You do not need insurance to drive someone else's car but there are risks inherent in operating that car. You are taking a chance of having insufficient insurance coverage and the potential for personal liability. Relying upon another person's insurance coverage might not be a good idea. You will not know until you have an accident and then it will be too late to protect yourself.
Auto insurance policies insure vehicles. Every policy lists authorized drivers. Whenever there is an accident or claim involving a vehicle and driver not listed on the policy, the first question asked is did the driver have permission from the owner to operate the vehicle. So if you drive someone else's car, make sure there is no question that you have permission from the owner. Make sure the owner has insurance and a valid insurance card in the vehicle.
If you drive someone else's car and you cause an accident, the owner's policy will cover you. It will pay for the damage to any other vehicles along with any personal injury. If the other parties and the owner's insurance company are unable to reach a settlement, then any lawsuit will name you as a defendant. The insurance company will hire an attorney to defend you and will pay all damages within the policy limits.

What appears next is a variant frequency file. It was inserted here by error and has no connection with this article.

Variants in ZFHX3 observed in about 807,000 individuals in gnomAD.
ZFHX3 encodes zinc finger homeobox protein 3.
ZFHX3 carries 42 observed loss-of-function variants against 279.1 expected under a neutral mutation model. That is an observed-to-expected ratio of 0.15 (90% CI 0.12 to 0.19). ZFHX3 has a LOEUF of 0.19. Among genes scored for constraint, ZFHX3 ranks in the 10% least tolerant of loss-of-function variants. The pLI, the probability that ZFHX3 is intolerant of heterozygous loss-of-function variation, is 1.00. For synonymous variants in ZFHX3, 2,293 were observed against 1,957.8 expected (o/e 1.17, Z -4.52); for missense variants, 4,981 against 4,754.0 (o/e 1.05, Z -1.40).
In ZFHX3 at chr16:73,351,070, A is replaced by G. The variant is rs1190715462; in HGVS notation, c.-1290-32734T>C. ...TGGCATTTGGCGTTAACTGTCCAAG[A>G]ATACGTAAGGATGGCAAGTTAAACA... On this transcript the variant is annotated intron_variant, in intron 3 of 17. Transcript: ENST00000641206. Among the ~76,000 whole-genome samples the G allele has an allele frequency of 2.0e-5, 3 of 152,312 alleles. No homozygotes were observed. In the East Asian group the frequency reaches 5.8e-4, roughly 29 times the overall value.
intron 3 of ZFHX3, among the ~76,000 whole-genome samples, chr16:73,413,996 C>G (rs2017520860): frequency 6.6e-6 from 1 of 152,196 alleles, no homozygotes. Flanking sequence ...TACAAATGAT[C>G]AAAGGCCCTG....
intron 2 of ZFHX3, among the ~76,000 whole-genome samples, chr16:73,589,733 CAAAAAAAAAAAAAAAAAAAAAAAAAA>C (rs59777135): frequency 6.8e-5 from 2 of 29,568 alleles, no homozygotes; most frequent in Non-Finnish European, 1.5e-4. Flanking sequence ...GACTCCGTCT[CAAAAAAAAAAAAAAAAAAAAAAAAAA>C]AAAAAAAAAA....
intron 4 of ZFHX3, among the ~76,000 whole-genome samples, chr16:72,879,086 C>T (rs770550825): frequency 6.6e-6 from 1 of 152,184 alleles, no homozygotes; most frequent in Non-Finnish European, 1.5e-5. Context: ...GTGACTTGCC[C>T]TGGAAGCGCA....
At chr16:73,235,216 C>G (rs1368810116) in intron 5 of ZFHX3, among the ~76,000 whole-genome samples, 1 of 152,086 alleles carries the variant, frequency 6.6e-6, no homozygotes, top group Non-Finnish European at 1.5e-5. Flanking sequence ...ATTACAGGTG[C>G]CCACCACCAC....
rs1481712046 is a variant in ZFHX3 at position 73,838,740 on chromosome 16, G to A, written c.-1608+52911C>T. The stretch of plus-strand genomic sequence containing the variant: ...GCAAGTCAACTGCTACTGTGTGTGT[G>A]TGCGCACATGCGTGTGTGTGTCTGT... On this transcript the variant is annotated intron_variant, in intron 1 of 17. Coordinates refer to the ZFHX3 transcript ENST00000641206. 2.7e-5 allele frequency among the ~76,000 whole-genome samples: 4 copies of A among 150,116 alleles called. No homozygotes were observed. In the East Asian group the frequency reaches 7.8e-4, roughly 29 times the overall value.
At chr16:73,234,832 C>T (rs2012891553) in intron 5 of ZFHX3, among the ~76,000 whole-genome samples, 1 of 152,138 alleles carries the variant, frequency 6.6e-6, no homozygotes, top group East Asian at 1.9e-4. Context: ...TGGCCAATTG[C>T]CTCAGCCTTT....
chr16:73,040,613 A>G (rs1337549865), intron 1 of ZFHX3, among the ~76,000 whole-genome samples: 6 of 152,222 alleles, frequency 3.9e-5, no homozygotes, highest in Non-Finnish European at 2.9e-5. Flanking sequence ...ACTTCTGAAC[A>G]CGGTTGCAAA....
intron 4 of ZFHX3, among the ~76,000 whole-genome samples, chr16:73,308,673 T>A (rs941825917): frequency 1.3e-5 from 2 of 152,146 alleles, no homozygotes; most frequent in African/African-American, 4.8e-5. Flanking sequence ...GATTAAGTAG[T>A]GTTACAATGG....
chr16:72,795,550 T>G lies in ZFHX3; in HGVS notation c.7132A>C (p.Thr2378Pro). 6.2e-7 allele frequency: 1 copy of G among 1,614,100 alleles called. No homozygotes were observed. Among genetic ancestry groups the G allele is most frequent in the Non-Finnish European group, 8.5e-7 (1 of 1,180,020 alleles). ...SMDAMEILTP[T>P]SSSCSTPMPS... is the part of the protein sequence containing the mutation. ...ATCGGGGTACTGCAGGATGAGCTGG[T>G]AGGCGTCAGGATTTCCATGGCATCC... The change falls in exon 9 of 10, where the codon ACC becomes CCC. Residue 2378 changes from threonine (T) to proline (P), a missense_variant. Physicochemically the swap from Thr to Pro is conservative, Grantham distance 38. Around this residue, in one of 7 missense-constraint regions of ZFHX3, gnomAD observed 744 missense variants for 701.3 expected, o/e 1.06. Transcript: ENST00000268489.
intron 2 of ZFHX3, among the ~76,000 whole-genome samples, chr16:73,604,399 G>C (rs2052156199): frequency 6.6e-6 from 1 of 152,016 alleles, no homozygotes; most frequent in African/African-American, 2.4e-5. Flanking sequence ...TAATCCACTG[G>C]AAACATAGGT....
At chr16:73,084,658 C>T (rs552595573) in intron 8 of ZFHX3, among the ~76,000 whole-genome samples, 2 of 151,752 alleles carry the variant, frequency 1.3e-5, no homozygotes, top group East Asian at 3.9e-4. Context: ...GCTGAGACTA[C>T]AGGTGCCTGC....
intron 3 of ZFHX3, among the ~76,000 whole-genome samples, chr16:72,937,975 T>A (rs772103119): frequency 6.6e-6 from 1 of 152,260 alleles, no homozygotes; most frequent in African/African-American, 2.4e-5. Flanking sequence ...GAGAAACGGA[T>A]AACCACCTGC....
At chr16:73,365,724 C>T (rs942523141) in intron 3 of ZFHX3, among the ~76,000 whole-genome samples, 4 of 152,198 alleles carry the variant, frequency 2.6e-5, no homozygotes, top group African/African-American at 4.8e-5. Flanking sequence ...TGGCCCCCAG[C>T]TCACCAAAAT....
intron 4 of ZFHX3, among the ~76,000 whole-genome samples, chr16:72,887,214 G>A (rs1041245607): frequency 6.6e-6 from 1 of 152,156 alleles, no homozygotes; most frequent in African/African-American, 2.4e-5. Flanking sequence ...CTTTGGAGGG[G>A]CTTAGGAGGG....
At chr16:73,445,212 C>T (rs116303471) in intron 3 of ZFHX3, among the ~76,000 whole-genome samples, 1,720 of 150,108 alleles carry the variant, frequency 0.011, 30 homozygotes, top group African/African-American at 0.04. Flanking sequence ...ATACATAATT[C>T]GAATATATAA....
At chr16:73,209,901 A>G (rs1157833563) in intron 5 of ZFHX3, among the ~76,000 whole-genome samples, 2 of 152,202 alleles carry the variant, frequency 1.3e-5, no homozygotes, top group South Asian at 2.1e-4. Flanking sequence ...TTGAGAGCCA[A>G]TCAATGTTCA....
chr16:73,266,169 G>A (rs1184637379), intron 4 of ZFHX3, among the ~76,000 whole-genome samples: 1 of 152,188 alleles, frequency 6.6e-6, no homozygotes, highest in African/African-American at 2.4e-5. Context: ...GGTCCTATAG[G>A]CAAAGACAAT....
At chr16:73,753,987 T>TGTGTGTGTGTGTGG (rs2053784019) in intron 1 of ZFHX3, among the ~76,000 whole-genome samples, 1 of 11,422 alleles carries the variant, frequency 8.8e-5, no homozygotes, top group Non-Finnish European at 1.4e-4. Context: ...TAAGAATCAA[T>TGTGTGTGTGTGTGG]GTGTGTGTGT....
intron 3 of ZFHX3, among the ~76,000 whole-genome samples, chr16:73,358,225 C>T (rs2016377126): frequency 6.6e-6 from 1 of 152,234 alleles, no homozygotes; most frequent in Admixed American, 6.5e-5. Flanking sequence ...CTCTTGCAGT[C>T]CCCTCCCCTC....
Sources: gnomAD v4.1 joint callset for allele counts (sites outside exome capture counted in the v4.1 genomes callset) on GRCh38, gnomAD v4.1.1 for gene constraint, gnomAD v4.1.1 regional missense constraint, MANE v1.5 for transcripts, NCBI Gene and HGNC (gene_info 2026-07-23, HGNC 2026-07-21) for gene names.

Collision coverage is voluntary insurance that is not required by state law. It covers damages to an automobile that is the fault of the person driving the vehicle. If you damage your friend's car he may not have collision insurance, and even if he does, it may not pay. So if you do not have your own collision coverage, be careful when driving. Understand the risk you are taking.
The biggest risk when relying on someone else's insurance is the possibility of damages exceeding the policy limits. When this happens you can be liable for the excess damages. Because you will not know the owner's limits, you are taking a chance. Any serious injury can result in high medical bills. The only way to protect yourself is with your own automobile policy with high limits that acts as secondary coverage. It will cover the risk.
- Jupiterimages/Photos.com/Getty Images
- What Do I Do if I Am in a Car Accident & the Other Party's Insurance Refuses to Pay?
- How to Really Save on Car Insurance
- Does Full-Coverage Car Insurance Pay for Dents & Scratches?
- Does Your Car Insurance Go Down After You Own the Car?
- How to Handle a Lowball Initial Insurance Settlement Offer
- Key Advantages & Disadvantages of Using a Static Budget
- Car Insurance Laws Regarding the Replacement of a Totaled Auto
- How to Buy Car Insurance for a Married Couple
- What Does Comprehensive Car Insurance Cover?
- How to Budget With Multiple or Varying Incomes